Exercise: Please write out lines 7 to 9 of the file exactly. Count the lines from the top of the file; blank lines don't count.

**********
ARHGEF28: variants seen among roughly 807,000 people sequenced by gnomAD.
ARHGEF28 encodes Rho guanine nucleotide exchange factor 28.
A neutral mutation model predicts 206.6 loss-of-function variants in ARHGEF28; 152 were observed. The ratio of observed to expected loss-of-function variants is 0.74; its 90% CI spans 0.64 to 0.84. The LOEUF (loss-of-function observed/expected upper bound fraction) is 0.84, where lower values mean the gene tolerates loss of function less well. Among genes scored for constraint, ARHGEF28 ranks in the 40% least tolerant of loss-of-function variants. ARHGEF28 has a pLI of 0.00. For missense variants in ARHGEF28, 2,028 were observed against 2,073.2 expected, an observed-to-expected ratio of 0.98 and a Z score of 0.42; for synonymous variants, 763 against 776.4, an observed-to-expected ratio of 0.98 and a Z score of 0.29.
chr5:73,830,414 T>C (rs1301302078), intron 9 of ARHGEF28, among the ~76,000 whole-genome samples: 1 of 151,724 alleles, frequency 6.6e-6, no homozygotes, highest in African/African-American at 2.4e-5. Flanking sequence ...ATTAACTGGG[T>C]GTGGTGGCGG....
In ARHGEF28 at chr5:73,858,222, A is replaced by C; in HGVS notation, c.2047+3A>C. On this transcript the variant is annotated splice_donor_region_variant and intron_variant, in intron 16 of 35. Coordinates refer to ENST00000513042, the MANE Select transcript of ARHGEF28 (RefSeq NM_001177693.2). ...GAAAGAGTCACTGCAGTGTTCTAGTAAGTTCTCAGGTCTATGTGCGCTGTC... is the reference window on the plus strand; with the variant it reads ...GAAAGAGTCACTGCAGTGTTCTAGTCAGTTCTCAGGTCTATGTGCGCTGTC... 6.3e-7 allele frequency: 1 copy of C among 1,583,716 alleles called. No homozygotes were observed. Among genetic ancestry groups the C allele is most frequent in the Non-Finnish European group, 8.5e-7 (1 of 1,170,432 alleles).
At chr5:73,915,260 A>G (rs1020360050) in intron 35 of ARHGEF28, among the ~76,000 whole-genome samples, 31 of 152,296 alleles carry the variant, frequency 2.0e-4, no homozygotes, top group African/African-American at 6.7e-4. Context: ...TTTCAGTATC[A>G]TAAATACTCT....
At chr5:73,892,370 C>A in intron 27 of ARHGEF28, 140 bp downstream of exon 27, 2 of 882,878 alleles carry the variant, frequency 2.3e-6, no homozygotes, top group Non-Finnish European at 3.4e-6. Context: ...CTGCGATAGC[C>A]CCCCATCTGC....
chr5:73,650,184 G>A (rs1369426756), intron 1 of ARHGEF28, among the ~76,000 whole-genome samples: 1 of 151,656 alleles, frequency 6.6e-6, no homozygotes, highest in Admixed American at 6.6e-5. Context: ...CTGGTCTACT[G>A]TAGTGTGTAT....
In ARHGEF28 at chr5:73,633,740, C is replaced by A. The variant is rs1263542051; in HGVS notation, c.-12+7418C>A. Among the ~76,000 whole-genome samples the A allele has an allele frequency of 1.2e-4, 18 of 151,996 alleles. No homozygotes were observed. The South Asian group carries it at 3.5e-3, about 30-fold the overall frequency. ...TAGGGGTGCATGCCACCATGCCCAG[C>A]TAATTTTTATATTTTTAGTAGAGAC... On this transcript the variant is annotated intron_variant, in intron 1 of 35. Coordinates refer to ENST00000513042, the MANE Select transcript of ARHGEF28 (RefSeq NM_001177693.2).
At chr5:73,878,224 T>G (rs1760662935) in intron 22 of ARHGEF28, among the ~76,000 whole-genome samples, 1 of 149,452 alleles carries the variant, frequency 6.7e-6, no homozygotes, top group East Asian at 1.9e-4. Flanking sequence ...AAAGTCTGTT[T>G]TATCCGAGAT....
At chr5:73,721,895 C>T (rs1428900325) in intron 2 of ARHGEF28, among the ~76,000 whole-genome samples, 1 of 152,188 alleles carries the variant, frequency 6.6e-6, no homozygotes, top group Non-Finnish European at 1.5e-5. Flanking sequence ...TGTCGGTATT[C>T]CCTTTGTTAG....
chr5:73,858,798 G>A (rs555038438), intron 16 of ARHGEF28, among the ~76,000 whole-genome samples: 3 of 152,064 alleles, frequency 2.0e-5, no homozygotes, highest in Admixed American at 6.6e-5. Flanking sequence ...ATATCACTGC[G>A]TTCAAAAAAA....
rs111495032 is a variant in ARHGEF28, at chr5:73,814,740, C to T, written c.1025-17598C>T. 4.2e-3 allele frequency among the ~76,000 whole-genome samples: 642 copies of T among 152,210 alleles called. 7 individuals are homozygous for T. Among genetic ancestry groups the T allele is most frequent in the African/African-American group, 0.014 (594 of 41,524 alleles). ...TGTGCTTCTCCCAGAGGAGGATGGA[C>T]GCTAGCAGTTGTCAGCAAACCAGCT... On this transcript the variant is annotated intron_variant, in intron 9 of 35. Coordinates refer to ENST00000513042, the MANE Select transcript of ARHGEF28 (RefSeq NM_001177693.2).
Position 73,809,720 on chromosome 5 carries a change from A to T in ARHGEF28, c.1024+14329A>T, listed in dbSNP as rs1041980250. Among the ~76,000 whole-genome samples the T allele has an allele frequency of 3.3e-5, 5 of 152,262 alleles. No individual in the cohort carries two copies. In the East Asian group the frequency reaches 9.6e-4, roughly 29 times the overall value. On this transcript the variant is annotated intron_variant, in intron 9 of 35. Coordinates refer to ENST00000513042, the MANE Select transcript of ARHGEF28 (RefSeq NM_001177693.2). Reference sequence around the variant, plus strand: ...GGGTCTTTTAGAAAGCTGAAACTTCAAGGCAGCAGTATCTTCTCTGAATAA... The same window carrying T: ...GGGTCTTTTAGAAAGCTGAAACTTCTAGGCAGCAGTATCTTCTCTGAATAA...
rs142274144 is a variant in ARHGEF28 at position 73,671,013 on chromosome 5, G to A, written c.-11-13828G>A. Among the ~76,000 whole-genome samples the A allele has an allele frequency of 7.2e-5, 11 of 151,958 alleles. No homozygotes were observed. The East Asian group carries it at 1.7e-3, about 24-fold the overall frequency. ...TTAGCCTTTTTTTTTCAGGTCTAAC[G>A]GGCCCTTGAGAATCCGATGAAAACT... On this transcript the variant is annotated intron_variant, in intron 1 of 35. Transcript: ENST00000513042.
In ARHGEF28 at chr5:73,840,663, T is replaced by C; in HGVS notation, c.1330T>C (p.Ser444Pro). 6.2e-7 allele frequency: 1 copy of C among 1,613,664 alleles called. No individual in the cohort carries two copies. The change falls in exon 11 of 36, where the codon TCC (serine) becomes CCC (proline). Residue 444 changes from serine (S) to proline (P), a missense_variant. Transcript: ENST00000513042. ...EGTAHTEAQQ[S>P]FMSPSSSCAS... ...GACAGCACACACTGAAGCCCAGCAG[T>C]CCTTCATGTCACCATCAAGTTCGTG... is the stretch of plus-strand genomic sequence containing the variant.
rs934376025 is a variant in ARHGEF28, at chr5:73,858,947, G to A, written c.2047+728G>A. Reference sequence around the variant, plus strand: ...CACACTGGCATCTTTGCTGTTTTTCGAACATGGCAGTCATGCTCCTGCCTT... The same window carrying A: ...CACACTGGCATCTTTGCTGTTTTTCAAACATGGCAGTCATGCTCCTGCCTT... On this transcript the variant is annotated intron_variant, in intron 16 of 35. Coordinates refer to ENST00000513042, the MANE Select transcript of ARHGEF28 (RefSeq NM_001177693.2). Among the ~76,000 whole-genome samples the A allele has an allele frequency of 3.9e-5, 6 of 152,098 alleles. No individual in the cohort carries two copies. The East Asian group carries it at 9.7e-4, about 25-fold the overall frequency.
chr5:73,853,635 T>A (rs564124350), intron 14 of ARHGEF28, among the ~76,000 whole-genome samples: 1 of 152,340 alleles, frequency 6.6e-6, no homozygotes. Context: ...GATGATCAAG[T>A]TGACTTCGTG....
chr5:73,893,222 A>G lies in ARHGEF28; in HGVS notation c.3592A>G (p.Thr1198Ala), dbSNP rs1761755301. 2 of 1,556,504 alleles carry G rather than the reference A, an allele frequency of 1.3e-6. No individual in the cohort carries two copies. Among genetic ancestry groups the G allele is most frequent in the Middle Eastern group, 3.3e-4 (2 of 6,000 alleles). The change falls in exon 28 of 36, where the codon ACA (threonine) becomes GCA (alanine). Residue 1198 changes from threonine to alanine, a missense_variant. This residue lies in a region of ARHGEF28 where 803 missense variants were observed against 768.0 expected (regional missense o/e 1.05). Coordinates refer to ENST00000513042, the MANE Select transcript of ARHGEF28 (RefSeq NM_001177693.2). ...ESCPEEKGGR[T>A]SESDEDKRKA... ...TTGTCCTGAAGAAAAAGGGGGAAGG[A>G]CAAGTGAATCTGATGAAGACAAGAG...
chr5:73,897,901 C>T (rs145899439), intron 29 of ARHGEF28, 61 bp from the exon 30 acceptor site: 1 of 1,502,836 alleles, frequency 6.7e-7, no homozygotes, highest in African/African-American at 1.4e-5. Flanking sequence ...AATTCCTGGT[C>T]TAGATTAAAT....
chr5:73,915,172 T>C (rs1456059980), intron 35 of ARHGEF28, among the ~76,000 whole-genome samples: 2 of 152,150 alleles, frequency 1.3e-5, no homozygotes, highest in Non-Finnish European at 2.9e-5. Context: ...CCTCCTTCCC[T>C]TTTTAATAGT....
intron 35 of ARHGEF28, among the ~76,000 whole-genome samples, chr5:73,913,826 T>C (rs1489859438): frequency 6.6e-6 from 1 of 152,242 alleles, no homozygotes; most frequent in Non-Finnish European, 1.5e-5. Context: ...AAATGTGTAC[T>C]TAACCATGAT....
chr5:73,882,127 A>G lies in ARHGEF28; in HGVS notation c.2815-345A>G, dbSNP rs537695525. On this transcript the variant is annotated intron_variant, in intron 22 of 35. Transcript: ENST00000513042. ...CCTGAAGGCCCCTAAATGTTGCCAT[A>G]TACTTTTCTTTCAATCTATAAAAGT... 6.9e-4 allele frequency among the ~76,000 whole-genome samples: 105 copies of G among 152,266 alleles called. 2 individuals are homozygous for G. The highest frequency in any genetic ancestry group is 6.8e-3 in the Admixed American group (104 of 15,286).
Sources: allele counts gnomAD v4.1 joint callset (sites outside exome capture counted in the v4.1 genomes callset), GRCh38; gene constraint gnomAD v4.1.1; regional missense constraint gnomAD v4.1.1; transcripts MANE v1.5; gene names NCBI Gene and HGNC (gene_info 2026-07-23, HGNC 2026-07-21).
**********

At chr5:73,892,370 C>A in intron 27 of ARHGEF28, 140 bp downstream of exon 27, 2 of 882,878 alleles carry the variant, frequency 2.3e-6, no homozygotes, top group Non-Finnish European at 3.4e-6. Context: ...CTGCGATAGC[C>A]CCCCATCTGC....
chr5:73,650,184 G>A (rs1369426756), intron 1 of ARHGEF28, among the ~76,000 whole-genome samples: 1 of 151,656 alleles, frequency 6.6e-6, no homozygotes, highest in Admixed American at 6.6e-5. Context: ...CTGGTCTACT[G>A]TAGTGTGTAT....
In ARHGEF28 at chr5:73,633,740, C is replaced by A. The variant is rs1263542051; in HGVS notation, c.-12+7418C>A. Among the ~76,000 whole-genome samples the A allele has an allele frequency of 1.2e-4, 18 of 151,996 alleles. No homozygotes were observed. The South Asian group carries it at 3.5e-3, about 30-fold the overall frequency. ...TAGGGGTGCATGCCACCATGCCCAG[C>A]TAATTTTTATATTTTTAGTAGAGAC... On this transcript the variant is annotated intron_variant, in intron 1 of 35. Coordinates refer to ENST00000513042, the MANE Select transcript of ARHGEF28 (RefSeq NM_001177693.2).